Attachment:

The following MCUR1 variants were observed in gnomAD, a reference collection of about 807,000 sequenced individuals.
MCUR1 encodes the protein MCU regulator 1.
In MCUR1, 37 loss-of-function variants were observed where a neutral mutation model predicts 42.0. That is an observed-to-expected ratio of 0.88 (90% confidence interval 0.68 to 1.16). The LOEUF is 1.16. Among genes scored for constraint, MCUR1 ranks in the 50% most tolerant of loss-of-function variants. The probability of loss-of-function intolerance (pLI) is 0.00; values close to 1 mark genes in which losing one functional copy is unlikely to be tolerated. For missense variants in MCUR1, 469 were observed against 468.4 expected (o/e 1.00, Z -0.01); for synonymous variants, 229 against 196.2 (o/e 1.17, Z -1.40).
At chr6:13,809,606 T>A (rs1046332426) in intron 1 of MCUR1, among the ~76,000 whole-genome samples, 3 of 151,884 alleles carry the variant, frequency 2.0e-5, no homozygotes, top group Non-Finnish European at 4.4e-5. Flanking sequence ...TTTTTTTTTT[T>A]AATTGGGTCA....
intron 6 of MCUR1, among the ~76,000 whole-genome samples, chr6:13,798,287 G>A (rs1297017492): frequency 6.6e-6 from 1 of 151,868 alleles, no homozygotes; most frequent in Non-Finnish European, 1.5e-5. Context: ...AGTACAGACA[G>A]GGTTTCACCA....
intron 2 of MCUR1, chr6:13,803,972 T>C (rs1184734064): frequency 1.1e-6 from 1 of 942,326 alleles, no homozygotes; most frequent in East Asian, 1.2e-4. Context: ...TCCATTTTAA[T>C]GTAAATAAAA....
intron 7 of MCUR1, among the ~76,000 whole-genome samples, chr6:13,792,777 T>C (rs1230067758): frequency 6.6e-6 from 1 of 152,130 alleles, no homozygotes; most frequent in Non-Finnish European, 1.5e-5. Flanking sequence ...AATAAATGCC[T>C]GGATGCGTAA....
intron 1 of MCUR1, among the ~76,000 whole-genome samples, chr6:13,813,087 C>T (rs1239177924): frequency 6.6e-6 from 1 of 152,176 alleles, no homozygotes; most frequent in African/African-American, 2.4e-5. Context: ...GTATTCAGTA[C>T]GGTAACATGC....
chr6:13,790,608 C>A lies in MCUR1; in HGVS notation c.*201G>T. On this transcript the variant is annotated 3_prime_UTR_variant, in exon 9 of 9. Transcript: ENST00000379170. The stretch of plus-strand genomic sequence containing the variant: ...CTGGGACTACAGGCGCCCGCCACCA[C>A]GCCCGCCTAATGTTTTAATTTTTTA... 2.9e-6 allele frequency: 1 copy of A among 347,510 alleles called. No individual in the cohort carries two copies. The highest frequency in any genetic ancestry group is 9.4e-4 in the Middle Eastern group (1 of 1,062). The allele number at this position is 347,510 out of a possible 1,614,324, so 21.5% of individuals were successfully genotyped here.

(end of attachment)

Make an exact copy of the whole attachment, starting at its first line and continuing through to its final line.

The following MCUR1 variants were observed in gnomAD, a reference collection of about 807,000 sequenced individuals.
MCUR1 encodes the protein MCU regulator 1.
In MCUR1, 37 loss-of-function variants were observed where a neutral mutation model predicts 42.0. That is an observed-to-expected ratio of 0.88 (90% confidence interval 0.68 to 1.16). The LOEUF is 1.16. Among genes scored for constraint, MCUR1 ranks in the 50% most tolerant of loss-of-function variants. The probability of loss-of-function intolerance (pLI) is 0.00; values close to 1 mark genes in which losing one functional copy is unlikely to be tolerated. For missense variants in MCUR1, 469 were observed against 468.4 expected (o/e 1.00, Z -0.01); for synonymous variants, 229 against 196.2 (o/e 1.17, Z -1.40).
At chr6:13,809,606 T>A (rs1046332426) in intron 1 of MCUR1, among the ~76,000 whole-genome samples, 3 of 151,884 alleles carry the variant, frequency 2.0e-5, no homozygotes, top group Non-Finnish European at 4.4e-5. Flanking sequence ...TTTTTTTTTT[T>A]AATTGGGTCA....
intron 6 of MCUR1, among the ~76,000 whole-genome samples, chr6:13,798,287 G>A (rs1297017492): frequency 6.6e-6 from 1 of 151,868 alleles, no homozygotes; most frequent in Non-Finnish European, 1.5e-5. Context: ...AGTACAGACA[G>A]GGTTTCACCA....
intron 2 of MCUR1, chr6:13,803,972 T>C (rs1184734064): frequency 1.1e-6 from 1 of 942,326 alleles, no homozygotes; most frequent in East Asian, 1.2e-4. Context: ...TCCATTTTAA[T>C]GTAAATAAAA....
intron 7 of MCUR1, among the ~76,000 whole-genome samples, chr6:13,792,777 T>C (rs1230067758): frequency 6.6e-6 from 1 of 152,130 alleles, no homozygotes; most frequent in Non-Finnish European, 1.5e-5. Flanking sequence ...AATAAATGCC[T>C]GGATGCGTAA....
intron 1 of MCUR1, among the ~76,000 whole-genome samples, chr6:13,813,087 C>T (rs1239177924): frequency 6.6e-6 from 1 of 152,176 alleles, no homozygotes; most frequent in African/African-American, 2.4e-5. Context: ...GTATTCAGTA[C>T]GGTAACATGC....
chr6:13,790,608 C>A lies in MCUR1; in HGVS notation c.*201G>T. On this transcript the variant is annotated 3_prime_UTR_variant, in exon 9 of 9. Transcript: ENST00000379170. The stretch of plus-strand genomic sequence containing the variant: ...CTGGGACTACAGGCGCCCGCCACCA[C>A]GCCCGCCTAATGTTTTAATTTTTTA... 2.9e-6 allele frequency: 1 copy of A among 347,510 alleles called. No individual in the cohort carries two copies. The highest frequency in any genetic ancestry group is 9.4e-4 in the Middle Eastern group (1 of 1,062). The allele number at this position is 347,510 out of a possible 1,614,324, so 21.5% of individuals were successfully genotyped here.